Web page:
What Was Netflix Like 20 Years Ago? Spoiler Alert, It's Almost Unrecognizable
When internet users head to Netflix.com, they see a sleek logo in the iconic red and white color scheme and the words, "See what's next. Watch anywhere. Cancel anytime." The look, this statement, and the media beast Netflix has evolved into have significantly changed since the company was founded on Aug. 29, 2007. Now, audiences know what Netflix represents: a revolutionary network and lifestyle (hence, Netflix and chill). But what did Netflix look like 20 years ago? It was essentially unrecognizable.
What's now a multi-billion dollar company, with original programming and 104 million members, was once a startup brand with an innovative way to make DVD renting easier. In 1997, Netflix CEO Reed Hastings co-founded the rental service with Marc Randolph, according to CNN. For reference, their biggest competitor was the nostalgic rental company Blockbuster. Rather than having to go to the store and deal with hassles like out-of-stock titles, Netflix offered a DVD-by-mail rental service. From the beginning, the gem of Netflix was its lack of a late fee policy.
In 1998, Netflix's website and online catalogue launched, with 925 titles and a pay-per-rental model, according to Wired. Back then, Netflix offered two DVDs at $4 each for seven days (charging $3 per additional selection and $5 to reserve brand new titles). Even though DVD players ran for $700 at the time, VHS tapes were much too bulky to work for Netflix's vision. Thus, DVD distribution became its thing.
Netflix, stylized as "NetFlix" 20 years ago, originally had a completely different aesthetic. The original Netflix website had a purple color scheme and a "FixFinder" tool to search for available titles. The site promised movies would arrive in two to three days with a prepaid envelope to return them in.
It wasn't until 1999 when Netflix began offering a monthly subscription option (which still holds up today). Holding true to its no-late-fees policy, the service dropped due dates and offered four rentals for $15.95 per month. In the first year, Netflix reportedly gained 239,000 subscribers.
Another perk unique to Netflix came about in 2002, when the company would automatically mail subscribers the next DVD from their web page list upon returns (which also included recommendations based on their rental history). And because ordering selections online was still foreign to so many consumers, Netflix opened 10 satellite distribution centers in the U.S. to up its presence. It wasn't until 2004 when the brand's signature red and white look really kicked in.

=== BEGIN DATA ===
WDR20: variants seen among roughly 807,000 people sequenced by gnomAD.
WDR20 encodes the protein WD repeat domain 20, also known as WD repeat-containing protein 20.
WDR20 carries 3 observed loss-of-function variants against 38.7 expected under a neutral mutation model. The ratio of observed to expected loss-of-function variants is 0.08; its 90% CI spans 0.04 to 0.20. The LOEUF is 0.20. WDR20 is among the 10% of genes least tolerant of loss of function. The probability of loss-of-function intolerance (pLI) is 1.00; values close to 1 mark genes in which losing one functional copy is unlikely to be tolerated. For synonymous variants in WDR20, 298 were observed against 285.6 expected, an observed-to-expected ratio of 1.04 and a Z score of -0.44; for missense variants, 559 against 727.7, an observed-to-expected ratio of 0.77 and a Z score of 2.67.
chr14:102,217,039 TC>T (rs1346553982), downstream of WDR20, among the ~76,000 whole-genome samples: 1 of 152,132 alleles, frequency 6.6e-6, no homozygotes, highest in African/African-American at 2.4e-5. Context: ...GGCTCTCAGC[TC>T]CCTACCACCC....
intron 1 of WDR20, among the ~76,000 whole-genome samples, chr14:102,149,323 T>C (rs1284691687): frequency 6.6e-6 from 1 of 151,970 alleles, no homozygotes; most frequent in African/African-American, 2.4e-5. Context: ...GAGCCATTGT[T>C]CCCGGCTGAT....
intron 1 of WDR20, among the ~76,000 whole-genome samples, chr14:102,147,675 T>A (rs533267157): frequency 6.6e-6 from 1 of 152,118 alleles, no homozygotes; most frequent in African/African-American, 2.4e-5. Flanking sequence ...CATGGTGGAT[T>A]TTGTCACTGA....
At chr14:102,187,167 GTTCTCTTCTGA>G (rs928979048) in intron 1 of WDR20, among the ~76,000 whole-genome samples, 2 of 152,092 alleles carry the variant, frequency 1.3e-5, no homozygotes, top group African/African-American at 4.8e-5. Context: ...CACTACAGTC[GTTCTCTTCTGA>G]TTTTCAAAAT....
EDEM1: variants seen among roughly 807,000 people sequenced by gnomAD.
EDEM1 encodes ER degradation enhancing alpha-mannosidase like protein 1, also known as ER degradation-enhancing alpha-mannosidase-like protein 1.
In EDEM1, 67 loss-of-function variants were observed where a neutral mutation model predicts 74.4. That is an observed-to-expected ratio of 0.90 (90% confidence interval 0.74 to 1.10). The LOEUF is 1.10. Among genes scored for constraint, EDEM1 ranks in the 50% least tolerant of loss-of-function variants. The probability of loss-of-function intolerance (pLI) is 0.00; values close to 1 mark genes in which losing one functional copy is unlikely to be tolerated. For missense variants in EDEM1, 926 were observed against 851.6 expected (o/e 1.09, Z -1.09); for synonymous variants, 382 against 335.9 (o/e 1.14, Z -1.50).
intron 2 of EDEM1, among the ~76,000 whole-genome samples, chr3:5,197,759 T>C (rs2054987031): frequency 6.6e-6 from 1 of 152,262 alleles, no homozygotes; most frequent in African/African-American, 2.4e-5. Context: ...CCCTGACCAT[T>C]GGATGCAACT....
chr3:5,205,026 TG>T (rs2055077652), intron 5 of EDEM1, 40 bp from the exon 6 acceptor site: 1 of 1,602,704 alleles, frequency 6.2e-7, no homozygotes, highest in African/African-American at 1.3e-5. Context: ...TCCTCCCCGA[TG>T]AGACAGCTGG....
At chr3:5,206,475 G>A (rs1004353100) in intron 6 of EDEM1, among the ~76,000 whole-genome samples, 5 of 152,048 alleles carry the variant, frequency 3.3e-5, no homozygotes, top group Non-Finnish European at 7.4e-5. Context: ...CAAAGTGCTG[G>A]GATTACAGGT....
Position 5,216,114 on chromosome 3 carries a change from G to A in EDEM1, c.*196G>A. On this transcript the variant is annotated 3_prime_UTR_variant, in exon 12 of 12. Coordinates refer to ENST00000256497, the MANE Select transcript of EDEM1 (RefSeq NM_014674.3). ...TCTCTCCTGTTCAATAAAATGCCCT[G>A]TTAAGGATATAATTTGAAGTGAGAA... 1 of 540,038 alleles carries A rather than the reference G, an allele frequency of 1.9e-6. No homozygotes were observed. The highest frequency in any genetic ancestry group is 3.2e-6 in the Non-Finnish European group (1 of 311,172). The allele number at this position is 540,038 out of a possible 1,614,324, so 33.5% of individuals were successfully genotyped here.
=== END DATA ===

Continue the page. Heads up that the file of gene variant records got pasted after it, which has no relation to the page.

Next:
In 2007, Hastings arguably revolutionized streaming with Netflix's "added benefit" of delivering movies straight to subscribers' computers. This option, compatible with Windows and Internet Explorer, started out small, with about 1,000 titles, and although they were low-quality, they were streamed much faster than through other platforms. At this point, the average Netflix subscription costed $18/month and included three DVDs at home at any time, 1-day shipping, and 18 hours of free streaming.
Of course, over the last five years, Netflix has significantly boomed into the worldwide entertainment platform it is today. Transforming from a movie rental space to a hub for original programming, it began producing its own original series and films, starting with House of Cards in 2013. From originals like Orange Is the New Black to Stranger Things, and its unlimited "watch anywhere" model, Netflix has become a phenomenon.
Although ordering movies through the mail now sounds ancient, there are still about 4 million DVD subscribers keeping the company's original intent strong (now through the site DVD.com). Netflix's journey is nostalgic and inspiring. In a 2002 interview with Wired, Hastings explained his vision: "The dream 20 years from now is to have a global entertainment distribution company that provides a unique channel for film producers and studios."
Once a site that could barely break even, the platform is now wealthy in cash and members, continuing to change the media landscape one Netflix and chill session at a time.